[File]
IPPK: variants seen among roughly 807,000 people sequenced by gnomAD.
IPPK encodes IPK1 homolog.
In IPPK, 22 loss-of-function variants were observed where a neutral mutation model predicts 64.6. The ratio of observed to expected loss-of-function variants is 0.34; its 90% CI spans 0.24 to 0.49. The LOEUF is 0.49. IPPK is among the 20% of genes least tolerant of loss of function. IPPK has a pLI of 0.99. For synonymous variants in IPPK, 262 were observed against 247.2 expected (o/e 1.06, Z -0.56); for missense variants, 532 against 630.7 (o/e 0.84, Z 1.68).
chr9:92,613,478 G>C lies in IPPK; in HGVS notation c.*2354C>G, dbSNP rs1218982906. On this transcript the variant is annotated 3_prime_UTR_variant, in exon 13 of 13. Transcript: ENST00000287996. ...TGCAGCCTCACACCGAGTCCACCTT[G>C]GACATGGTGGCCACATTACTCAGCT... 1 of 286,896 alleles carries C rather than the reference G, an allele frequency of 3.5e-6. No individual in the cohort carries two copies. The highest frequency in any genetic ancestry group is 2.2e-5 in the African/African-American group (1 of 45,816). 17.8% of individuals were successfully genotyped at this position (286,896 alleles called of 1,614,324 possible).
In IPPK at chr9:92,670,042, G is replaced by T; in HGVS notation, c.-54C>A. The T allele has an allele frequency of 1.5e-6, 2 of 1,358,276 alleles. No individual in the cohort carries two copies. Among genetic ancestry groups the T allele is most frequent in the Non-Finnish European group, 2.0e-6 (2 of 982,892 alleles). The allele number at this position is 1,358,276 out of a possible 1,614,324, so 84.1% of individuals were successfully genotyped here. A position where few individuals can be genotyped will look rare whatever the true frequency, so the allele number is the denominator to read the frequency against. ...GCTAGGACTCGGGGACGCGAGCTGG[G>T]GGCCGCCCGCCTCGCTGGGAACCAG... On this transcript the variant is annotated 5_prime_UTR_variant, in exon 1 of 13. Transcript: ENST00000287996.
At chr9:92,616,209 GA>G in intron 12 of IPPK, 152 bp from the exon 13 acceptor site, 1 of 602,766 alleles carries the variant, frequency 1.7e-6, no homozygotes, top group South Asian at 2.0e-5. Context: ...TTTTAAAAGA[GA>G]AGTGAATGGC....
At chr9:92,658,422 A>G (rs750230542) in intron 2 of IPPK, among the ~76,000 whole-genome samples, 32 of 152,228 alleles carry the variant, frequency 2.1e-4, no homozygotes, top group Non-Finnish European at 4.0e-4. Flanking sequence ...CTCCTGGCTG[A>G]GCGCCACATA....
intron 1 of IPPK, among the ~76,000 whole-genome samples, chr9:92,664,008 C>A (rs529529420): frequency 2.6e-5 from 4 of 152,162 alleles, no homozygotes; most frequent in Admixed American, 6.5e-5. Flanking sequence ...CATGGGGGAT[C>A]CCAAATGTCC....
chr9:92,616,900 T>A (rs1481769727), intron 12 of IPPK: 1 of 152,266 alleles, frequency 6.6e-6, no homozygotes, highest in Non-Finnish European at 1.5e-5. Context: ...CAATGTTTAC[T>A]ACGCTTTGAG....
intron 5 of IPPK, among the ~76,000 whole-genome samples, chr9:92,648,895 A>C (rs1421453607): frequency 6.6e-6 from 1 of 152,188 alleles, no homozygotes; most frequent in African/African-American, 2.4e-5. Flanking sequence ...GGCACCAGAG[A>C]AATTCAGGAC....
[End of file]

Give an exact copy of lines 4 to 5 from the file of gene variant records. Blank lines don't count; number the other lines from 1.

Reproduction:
chr9:92,613,478 G>C lies in IPPK; in HGVS notation c.*2354C>G, dbSNP rs1218982906. On this transcript the variant is annotated 3_prime_UTR_variant, in exon 13 of 13. Transcript: ENST00000287996. ...TGCAGCCTCACACCGAGTCCACCTT[G>C]GACATGGTGGCCACATTACTCAGCT... 1 of 286,896 alleles carries C rather than the reference G, an allele frequency of 3.5e-6. No individual in the cohort carries two copies. The highest frequency in any genetic ancestry group is 2.2e-5 in the African/African-American group (1 of 45,816). 17.8% of individuals were successfully genotyped at this position (286,896 alleles called of 1,614,324 possible).
In IPPK at chr9:92,670,042, G is replaced by T; in HGVS notation, c.-54C>A. The T allele has an allele frequency of 1.5e-6, 2 of 1,358,276 alleles. No individual in the cohort carries two copies. Among genetic ancestry groups the T allele is most frequent in the Non-Finnish European group, 2.0e-6 (2 of 982,892 alleles). The allele number at this position is 1,358,276 out of a possible 1,614,324, so 84.1% of individuals were successfully genotyped here. A position where few individuals can be genotyped will look rare whatever the true frequency, so the allele number is the denominator to read the frequency against. ...GCTAGGACTCGGGGACGCGAGCTGG[G>T]GGCCGCCCGCCTCGCTGGGAACCAG... On this transcript the variant is annotated 5_prime_UTR_variant, in exon 1 of 13. Transcript: ENST00000287996.